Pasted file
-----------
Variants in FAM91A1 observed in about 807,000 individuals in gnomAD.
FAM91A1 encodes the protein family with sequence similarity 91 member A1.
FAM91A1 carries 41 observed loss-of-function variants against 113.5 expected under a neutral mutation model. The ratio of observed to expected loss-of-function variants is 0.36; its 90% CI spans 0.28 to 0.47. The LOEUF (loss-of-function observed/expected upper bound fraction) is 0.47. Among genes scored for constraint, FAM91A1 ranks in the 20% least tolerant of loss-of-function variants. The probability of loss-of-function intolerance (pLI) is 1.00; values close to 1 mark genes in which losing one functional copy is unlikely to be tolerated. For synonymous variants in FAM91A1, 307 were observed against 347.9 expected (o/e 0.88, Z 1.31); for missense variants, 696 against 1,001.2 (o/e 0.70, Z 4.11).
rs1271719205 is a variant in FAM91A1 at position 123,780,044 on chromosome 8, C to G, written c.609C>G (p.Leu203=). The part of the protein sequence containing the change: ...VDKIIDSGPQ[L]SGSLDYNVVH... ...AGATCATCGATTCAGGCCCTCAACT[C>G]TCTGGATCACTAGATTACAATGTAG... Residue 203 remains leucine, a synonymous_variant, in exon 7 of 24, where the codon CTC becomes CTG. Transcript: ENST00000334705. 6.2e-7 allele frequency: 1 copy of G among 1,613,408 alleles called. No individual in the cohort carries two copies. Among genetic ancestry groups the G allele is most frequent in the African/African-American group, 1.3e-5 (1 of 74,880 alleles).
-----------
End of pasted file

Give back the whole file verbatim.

Variants in FAM91A1 observed in about 807,000 individuals in gnomAD.
FAM91A1 encodes the protein family with sequence similarity 91 member A1.
FAM91A1 carries 41 observed loss-of-function variants against 113.5 expected under a neutral mutation model. The ratio of observed to expected loss-of-function variants is 0.36; its 90% CI spans 0.28 to 0.47. The LOEUF (loss-of-function observed/expected upper bound fraction) is 0.47. Among genes scored for constraint, FAM91A1 ranks in the 20% least tolerant of loss-of-function variants. The probability of loss-of-function intolerance (pLI) is 1.00; values close to 1 mark genes in which losing one functional copy is unlikely to be tolerated. For synonymous variants in FAM91A1, 307 were observed against 347.9 expected (o/e 0.88, Z 1.31); for missense variants, 696 against 1,001.2 (o/e 0.70, Z 4.11).
rs1271719205 is a variant in FAM91A1 at position 123,780,044 on chromosome 8, C to G, written c.609C>G (p.Leu203=). The part of the protein sequence containing the change: ...VDKIIDSGPQ[L]SGSLDYNVVH... ...AGATCATCGATTCAGGCCCTCAACT[C>G]TCTGGATCACTAGATTACAATGTAG... Residue 203 remains leucine, a synonymous_variant, in exon 7 of 24, where the codon CTC becomes CTG. Transcript: ENST00000334705. 6.2e-7 allele frequency: 1 copy of G among 1,613,408 alleles called. No individual in the cohort carries two copies. Among genetic ancestry groups the G allele is most frequent in the African/African-American group, 1.3e-5 (1 of 74,880 alleles).